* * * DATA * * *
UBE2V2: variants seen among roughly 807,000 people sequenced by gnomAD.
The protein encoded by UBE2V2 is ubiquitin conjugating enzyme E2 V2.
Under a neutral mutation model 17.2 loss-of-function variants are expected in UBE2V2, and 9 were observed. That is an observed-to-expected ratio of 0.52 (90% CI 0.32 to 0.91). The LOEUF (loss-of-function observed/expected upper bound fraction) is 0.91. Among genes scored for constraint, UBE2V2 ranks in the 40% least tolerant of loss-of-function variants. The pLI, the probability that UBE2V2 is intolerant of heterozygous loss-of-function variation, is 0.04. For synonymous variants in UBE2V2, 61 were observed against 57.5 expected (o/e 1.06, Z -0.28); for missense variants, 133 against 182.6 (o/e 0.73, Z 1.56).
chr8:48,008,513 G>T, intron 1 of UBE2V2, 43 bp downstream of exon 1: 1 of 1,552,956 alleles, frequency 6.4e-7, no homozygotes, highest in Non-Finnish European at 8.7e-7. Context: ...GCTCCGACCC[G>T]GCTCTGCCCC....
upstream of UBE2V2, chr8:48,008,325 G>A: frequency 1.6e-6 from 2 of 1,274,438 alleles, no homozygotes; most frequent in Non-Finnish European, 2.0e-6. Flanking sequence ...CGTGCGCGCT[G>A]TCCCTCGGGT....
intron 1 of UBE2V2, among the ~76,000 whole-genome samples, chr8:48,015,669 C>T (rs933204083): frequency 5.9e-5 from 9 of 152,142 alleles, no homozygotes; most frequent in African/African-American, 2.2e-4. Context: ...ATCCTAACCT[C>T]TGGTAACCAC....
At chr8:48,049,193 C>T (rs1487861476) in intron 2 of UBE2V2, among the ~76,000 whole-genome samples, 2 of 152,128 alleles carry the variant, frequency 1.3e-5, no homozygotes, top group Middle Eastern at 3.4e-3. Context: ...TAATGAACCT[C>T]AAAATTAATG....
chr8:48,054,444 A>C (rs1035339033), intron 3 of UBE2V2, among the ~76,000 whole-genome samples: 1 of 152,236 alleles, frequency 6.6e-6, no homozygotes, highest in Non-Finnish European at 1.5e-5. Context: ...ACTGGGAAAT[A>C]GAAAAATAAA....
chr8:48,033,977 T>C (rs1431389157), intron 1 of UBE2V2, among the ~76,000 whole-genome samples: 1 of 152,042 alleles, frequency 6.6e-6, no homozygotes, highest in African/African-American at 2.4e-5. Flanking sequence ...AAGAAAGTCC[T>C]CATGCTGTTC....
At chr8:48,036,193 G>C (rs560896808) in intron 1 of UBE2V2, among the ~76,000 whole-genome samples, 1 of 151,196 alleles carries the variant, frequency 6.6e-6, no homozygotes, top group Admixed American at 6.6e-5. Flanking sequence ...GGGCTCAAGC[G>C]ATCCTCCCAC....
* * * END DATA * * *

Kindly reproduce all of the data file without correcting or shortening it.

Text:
UBE2V2: variants seen among roughly 807,000 people sequenced by gnomAD.
The protein encoded by UBE2V2 is ubiquitin conjugating enzyme E2 V2.
Under a neutral mutation model 17.2 loss-of-function variants are expected in UBE2V2, and 9 were observed. That is an observed-to-expected ratio of 0.52 (90% CI 0.32 to 0.91). The LOEUF (loss-of-function observed/expected upper bound fraction) is 0.91. Among genes scored for constraint, UBE2V2 ranks in the 40% least tolerant of loss-of-function variants. The pLI, the probability that UBE2V2 is intolerant of heterozygous loss-of-function variation, is 0.04. For synonymous variants in UBE2V2, 61 were observed against 57.5 expected (o/e 1.06, Z -0.28); for missense variants, 133 against 182.6 (o/e 0.73, Z 1.56).
chr8:48,008,513 G>T, intron 1 of UBE2V2, 43 bp downstream of exon 1: 1 of 1,552,956 alleles, frequency 6.4e-7, no homozygotes, highest in Non-Finnish European at 8.7e-7. Context: ...GCTCCGACCC[G>T]GCTCTGCCCC....
upstream of UBE2V2, chr8:48,008,325 G>A: frequency 1.6e-6 from 2 of 1,274,438 alleles, no homozygotes; most frequent in Non-Finnish European, 2.0e-6. Flanking sequence ...CGTGCGCGCT[G>A]TCCCTCGGGT....
intron 1 of UBE2V2, among the ~76,000 whole-genome samples, chr8:48,015,669 C>T (rs933204083): frequency 5.9e-5 from 9 of 152,142 alleles, no homozygotes; most frequent in African/African-American, 2.2e-4. Context: ...ATCCTAACCT[C>T]TGGTAACCAC....
At chr8:48,049,193 C>T (rs1487861476) in intron 2 of UBE2V2, among the ~76,000 whole-genome samples, 2 of 152,128 alleles carry the variant, frequency 1.3e-5, no homozygotes, top group Middle Eastern at 3.4e-3. Context: ...TAATGAACCT[C>T]AAAATTAATG....
chr8:48,054,444 A>C (rs1035339033), intron 3 of UBE2V2, among the ~76,000 whole-genome samples: 1 of 152,236 alleles, frequency 6.6e-6, no homozygotes, highest in Non-Finnish European at 1.5e-5. Context: ...ACTGGGAAAT[A>C]GAAAAATAAA....
chr8:48,033,977 T>C (rs1431389157), intron 1 of UBE2V2, among the ~76,000 whole-genome samples: 1 of 152,042 alleles, frequency 6.6e-6, no homozygotes, highest in African/African-American at 2.4e-5. Flanking sequence ...AAGAAAGTCC[T>C]CATGCTGTTC....
At chr8:48,036,193 G>C (rs560896808) in intron 1 of UBE2V2, among the ~76,000 whole-genome samples, 1 of 151,196 alleles carries the variant, frequency 6.6e-6, no homozygotes, top group Admixed American at 6.6e-5. Flanking sequence ...GGGCTCAAGC[G>C]ATCCTCCCAC....